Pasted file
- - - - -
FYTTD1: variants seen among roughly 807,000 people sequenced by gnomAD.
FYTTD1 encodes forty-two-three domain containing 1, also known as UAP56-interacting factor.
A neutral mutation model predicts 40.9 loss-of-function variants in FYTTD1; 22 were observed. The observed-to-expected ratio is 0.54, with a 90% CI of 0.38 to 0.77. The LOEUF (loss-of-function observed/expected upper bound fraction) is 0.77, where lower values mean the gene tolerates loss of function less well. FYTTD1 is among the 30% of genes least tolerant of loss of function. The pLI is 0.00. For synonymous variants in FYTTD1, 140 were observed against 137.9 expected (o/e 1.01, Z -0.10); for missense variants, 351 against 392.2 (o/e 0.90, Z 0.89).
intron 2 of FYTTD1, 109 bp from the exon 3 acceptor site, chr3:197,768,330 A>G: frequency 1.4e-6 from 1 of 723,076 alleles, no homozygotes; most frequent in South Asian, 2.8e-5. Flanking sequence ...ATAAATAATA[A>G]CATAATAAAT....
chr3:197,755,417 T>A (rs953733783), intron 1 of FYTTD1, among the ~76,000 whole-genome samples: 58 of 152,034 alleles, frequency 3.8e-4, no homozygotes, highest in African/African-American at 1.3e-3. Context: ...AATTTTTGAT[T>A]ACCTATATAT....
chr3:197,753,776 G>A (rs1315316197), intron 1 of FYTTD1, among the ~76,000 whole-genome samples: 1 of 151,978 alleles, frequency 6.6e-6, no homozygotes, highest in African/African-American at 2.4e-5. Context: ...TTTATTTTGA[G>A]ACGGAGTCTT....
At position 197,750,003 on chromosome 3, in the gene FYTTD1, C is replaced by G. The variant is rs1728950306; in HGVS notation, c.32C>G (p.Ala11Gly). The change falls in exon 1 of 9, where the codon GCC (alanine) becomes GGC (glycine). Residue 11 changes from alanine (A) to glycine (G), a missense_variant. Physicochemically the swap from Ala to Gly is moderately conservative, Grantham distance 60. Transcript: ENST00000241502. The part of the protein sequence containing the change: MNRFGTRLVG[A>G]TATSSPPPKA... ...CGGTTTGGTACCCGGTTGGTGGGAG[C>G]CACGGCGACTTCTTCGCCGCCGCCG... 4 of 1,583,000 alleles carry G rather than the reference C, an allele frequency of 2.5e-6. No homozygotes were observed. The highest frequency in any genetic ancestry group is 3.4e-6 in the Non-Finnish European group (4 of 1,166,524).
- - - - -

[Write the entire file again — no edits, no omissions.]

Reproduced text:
FYTTD1: variants seen among roughly 807,000 people sequenced by gnomAD.
FYTTD1 encodes forty-two-three domain containing 1, also known as UAP56-interacting factor.
A neutral mutation model predicts 40.9 loss-of-function variants in FYTTD1; 22 were observed. The observed-to-expected ratio is 0.54, with a 90% CI of 0.38 to 0.77. The LOEUF (loss-of-function observed/expected upper bound fraction) is 0.77, where lower values mean the gene tolerates loss of function less well. FYTTD1 is among the 30% of genes least tolerant of loss of function. The pLI is 0.00. For synonymous variants in FYTTD1, 140 were observed against 137.9 expected (o/e 1.01, Z -0.10); for missense variants, 351 against 392.2 (o/e 0.90, Z 0.89).
intron 2 of FYTTD1, 109 bp from the exon 3 acceptor site, chr3:197,768,330 A>G: frequency 1.4e-6 from 1 of 723,076 alleles, no homozygotes; most frequent in South Asian, 2.8e-5. Flanking sequence ...ATAAATAATA[A>G]CATAATAAAT....
chr3:197,755,417 T>A (rs953733783), intron 1 of FYTTD1, among the ~76,000 whole-genome samples: 58 of 152,034 alleles, frequency 3.8e-4, no homozygotes, highest in African/African-American at 1.3e-3. Context: ...AATTTTTGAT[T>A]ACCTATATAT....
chr3:197,753,776 G>A (rs1315316197), intron 1 of FYTTD1, among the ~76,000 whole-genome samples: 1 of 151,978 alleles, frequency 6.6e-6, no homozygotes, highest in African/African-American at 2.4e-5. Context: ...TTTATTTTGA[G>A]ACGGAGTCTT....
At position 197,750,003 on chromosome 3, in the gene FYTTD1, C is replaced by G. The variant is rs1728950306; in HGVS notation, c.32C>G (p.Ala11Gly). The change falls in exon 1 of 9, where the codon GCC (alanine) becomes GGC (glycine). Residue 11 changes from alanine (A) to glycine (G), a missense_variant. Physicochemically the swap from Ala to Gly is moderately conservative, Grantham distance 60. Transcript: ENST00000241502. The part of the protein sequence containing the change: MNRFGTRLVG[A>G]TATSSPPPKA... ...CGGTTTGGTACCCGGTTGGTGGGAG[C>G]CACGGCGACTTCTTCGCCGCCGCCG... 4 of 1,583,000 alleles carry G rather than the reference C, an allele frequency of 2.5e-6. No homozygotes were observed. The highest frequency in any genetic ancestry group is 3.4e-6 in the Non-Finnish European group (4 of 1,166,524).